I don't know that JBL ever actually put a max power rating on the D series, but I'd guess at about 60-75 watts per driver. If you actually ran a 600 watt signal to them they would disembowl themselves real fast, I'm not sure why you would want to do that, D140F's are a valuable commodity.
    On the other hand if the drivers are still strong you should be able to get all the SPL you need out of a 2000S cab, you won't need to use more than a third of your power to rattle eyeballs.
    A 150 watt amp can produce enough pressure to seriously damage your hearing using a D140 equipped 2000S cab.
    Watts are nice, everybody likes to brag on them and they can be had real cheaply now days, but it's all about the end product which is the sum of the matched components.
    For example; I can't imagine anyone needing more than a tube SVT with a pair of 8X10's for stage volume, and that's only 300 watts.
  11. Rumblee


    Jan 18, 2005
    I'm not bragging..thats just how many watts it puts out. It is solid state though which probably isn't as loud as the tube SVT. Anyway, maybe I'll just find a nice 15 to put under the 410 cab and call it a day.
  12. SanDiegoHarry

    SanDiegoHarry Banned Supporting Member

    Aug 11, 2008
    San Diego, CA
    In my misspent youth, I had a 412LH and that cab ROCKED. It was the size of a small refrigerator, but man did it bring da noise. For rock, that was hands down the best cab I have owned. Were I in a touring rock outfit, I'd hunt one down right now.

    A related question: Has anyone here owned any modern 12" loaded cabs, like the Epifani 2x12? Just curious if you get that same big mid-range growl that I recall from my 412LH...
  13. edbass


    Nov 8, 2004
    No offense intended, I run 650 X 2 in my solid state rig also. The point I was trying to make is that You can buy 1K SS watts for well under a buck a watt now days vs the olden days pricing which was much more expensive relatively speaking. You can read all day posts about mega 1K+ watt SS rigs here on these forums, lots of times these rigs are used for bar gigs; while Entwistle had maybe 300-400 watts at Leeds with minimal PA support. Grand Funk Railroads' Mel Schacher used a couple of 200 watt West Filmores in the early 70's in stadium venues.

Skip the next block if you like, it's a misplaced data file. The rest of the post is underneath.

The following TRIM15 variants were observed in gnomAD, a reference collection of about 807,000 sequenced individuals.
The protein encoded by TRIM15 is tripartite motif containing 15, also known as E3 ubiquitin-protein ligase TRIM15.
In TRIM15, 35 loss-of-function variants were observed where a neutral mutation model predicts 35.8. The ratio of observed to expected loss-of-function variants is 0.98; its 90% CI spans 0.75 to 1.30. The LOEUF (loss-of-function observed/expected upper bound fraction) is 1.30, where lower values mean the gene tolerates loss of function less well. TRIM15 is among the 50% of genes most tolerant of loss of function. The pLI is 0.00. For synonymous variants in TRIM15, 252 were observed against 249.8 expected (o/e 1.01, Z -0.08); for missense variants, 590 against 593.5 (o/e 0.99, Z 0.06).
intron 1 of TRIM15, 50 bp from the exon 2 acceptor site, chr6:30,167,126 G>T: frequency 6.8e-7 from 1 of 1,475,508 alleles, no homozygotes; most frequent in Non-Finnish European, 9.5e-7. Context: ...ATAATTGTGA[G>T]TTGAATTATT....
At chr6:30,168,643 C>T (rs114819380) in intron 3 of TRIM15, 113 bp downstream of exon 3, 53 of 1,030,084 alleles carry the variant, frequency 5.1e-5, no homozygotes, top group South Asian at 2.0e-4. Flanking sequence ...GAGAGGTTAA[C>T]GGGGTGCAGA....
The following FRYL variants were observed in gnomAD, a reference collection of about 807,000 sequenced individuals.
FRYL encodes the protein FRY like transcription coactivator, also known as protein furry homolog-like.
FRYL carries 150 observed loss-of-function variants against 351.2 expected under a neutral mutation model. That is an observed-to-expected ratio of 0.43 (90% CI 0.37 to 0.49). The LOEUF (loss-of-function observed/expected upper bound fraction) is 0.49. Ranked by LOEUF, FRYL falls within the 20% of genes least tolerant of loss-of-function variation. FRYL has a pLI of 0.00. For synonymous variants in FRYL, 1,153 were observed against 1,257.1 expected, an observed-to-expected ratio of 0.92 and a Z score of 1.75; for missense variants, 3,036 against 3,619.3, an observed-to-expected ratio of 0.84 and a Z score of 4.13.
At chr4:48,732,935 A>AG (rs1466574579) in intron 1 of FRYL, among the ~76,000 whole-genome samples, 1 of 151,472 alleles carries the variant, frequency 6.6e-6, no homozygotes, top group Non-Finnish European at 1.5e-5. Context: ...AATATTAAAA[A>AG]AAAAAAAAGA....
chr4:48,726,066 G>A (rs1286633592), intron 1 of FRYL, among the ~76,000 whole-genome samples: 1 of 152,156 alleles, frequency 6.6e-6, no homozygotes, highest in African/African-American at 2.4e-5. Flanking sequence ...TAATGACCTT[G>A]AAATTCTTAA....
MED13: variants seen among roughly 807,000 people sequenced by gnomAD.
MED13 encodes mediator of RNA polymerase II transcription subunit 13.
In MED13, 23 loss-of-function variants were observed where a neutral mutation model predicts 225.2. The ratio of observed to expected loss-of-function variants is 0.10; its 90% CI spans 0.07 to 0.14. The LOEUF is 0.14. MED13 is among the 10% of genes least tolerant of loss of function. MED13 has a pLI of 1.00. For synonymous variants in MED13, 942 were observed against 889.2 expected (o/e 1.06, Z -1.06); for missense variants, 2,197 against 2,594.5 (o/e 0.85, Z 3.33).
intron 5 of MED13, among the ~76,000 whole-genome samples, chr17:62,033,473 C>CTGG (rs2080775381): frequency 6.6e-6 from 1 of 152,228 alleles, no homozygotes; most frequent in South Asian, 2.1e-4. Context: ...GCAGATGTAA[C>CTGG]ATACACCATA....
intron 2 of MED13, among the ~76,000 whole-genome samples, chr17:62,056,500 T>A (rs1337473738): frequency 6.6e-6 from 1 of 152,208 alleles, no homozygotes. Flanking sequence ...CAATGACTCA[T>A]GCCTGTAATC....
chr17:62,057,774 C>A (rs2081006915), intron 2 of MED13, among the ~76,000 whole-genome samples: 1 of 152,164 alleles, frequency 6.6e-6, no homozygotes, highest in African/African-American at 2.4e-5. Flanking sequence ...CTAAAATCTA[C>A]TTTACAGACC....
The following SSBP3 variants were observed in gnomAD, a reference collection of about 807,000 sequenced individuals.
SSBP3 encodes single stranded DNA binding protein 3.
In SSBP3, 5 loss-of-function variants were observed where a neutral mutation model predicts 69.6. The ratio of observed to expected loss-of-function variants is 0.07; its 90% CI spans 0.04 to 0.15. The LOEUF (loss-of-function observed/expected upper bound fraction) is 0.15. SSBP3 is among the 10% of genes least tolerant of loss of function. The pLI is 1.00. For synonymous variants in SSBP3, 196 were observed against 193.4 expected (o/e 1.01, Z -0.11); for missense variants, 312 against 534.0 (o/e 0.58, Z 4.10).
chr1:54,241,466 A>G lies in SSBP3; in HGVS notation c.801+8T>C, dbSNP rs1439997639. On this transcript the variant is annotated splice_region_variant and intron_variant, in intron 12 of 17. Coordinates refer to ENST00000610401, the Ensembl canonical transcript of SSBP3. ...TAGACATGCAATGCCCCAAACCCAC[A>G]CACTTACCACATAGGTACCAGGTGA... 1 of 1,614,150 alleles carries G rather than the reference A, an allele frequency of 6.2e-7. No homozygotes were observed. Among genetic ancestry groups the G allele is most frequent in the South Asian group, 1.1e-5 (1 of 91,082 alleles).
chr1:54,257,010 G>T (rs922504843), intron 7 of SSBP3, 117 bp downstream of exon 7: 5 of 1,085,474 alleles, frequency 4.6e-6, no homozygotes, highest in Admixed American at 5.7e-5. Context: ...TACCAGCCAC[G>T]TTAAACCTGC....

The 2000S was from that era, a totally different approach to bass amplification than current rigs. Modern SS rigs are more of a sterile sound reinforcement approach to bass amplification, whereas as I posted earlier (IMO) the vintage tube rigs were more of a part of the overall instrument, influencing the overall tone to a larger degree than modern rigs.
    Both have their place in the bass world, but it can be difficult to combine the different era components effectively. I can make my SS rig sound like the Seinfeld theme, or a grand piano being plucked, can't get that to happen with one of my old school rigs. Conversely, again IMO, modeling or not you won't get a SS rig to get that fat, warm, full growl that an all tube rig pushing AlNiCo drivers will pull off.
    It's all good, just different.

    A watt is a watt, your amp has multiple times the available work energy as a SVT. No time to beat that vacuum tube vs transistor horse here. It does sound as if a modern 1 or 2X15 cab would suit your application better.

    Snag that 2000S anyway, they are a rare bird and don't become available very often. I don't know how much you would have to pay, but those old Sunns, particularly the JBL loaded 2000S models, are a valuable commodity in some circles and they aren't making any more of them!